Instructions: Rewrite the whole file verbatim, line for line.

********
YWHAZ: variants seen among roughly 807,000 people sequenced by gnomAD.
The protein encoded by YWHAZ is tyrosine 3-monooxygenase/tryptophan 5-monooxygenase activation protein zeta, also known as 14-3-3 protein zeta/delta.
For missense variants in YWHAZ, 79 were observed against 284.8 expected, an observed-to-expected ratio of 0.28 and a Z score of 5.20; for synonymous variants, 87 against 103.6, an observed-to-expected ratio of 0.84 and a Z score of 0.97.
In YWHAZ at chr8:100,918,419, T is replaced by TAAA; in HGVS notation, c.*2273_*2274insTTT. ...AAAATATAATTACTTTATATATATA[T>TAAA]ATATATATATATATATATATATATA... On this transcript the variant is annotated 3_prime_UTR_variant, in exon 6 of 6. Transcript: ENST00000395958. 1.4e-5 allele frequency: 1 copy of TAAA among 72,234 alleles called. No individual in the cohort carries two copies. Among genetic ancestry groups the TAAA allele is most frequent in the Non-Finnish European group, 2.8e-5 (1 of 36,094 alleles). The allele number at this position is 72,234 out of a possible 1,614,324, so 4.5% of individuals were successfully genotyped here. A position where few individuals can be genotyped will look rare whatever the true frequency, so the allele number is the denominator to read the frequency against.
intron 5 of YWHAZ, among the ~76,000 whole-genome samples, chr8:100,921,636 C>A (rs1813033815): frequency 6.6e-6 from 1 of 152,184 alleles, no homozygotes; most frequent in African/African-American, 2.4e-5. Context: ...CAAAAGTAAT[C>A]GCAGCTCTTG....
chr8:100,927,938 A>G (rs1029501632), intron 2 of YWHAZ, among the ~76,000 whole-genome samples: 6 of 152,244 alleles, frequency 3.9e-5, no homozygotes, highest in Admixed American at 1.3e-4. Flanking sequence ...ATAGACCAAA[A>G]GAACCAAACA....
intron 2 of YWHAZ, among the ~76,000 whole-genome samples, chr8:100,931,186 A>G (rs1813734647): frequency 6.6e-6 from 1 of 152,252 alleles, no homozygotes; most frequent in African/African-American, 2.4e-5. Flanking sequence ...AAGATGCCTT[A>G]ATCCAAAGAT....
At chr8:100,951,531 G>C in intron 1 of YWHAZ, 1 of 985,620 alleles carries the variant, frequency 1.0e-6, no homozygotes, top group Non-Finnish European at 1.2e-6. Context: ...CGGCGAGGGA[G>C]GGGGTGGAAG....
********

YWHAZ: variants seen among roughly 807,000 people sequenced by gnomAD.
The protein encoded by YWHAZ is tyrosine 3-monooxygenase/tryptophan 5-monooxygenase activation protein zeta, also known as 14-3-3 protein zeta/delta.
For missense variants in YWHAZ, 79 were observed against 284.8 expected, an observed-to-expected ratio of 0.28 and a Z score of 5.20; for synonymous variants, 87 against 103.6, an observed-to-expected ratio of 0.84 and a Z score of 0.97.
In YWHAZ at chr8:100,918,419, T is replaced by TAAA; in HGVS notation, c.*2273_*2274insTTT. ...AAAATATAATTACTTTATATATATA[T>TAAA]ATATATATATATATATATATATATA... On this transcript the variant is annotated 3_prime_UTR_variant, in exon 6 of 6. Transcript: ENST00000395958. 1.4e-5 allele frequency: 1 copy of TAAA among 72,234 alleles called. No individual in the cohort carries two copies. Among genetic ancestry groups the TAAA allele is most frequent in the Non-Finnish European group, 2.8e-5 (1 of 36,094 alleles). The allele number at this position is 72,234 out of a possible 1,614,324, so 4.5% of individuals were successfully genotyped here. A position where few individuals can be genotyped will look rare whatever the true frequency, so the allele number is the denominator to read the frequency against.
intron 5 of YWHAZ, among the ~76,000 whole-genome samples, chr8:100,921,636 C>A (rs1813033815): frequency 6.6e-6 from 1 of 152,184 alleles, no homozygotes; most frequent in African/African-American, 2.4e-5. Context: ...CAAAAGTAAT[C>A]GCAGCTCTTG....
chr8:100,927,938 A>G (rs1029501632), intron 2 of YWHAZ, among the ~76,000 whole-genome samples: 6 of 152,244 alleles, frequency 3.9e-5, no homozygotes, highest in Admixed American at 1.3e-4. Flanking sequence ...ATAGACCAAA[A>G]GAACCAAACA....
intron 2 of YWHAZ, among the ~76,000 whole-genome samples, chr8:100,931,186 A>G (rs1813734647): frequency 6.6e-6 from 1 of 152,252 alleles, no homozygotes; most frequent in African/African-American, 2.4e-5. Flanking sequence ...AAGATGCCTT[A>G]ATCCAAAGAT....
At chr8:100,951,531 G>C in intron 1 of YWHAZ, 1 of 985,620 alleles carries the variant, frequency 1.0e-6, no homozygotes, top group Non-Finnish European at 1.2e-6. Context: ...CGGCGAGGGA[G>C]GGGGTGGAAG....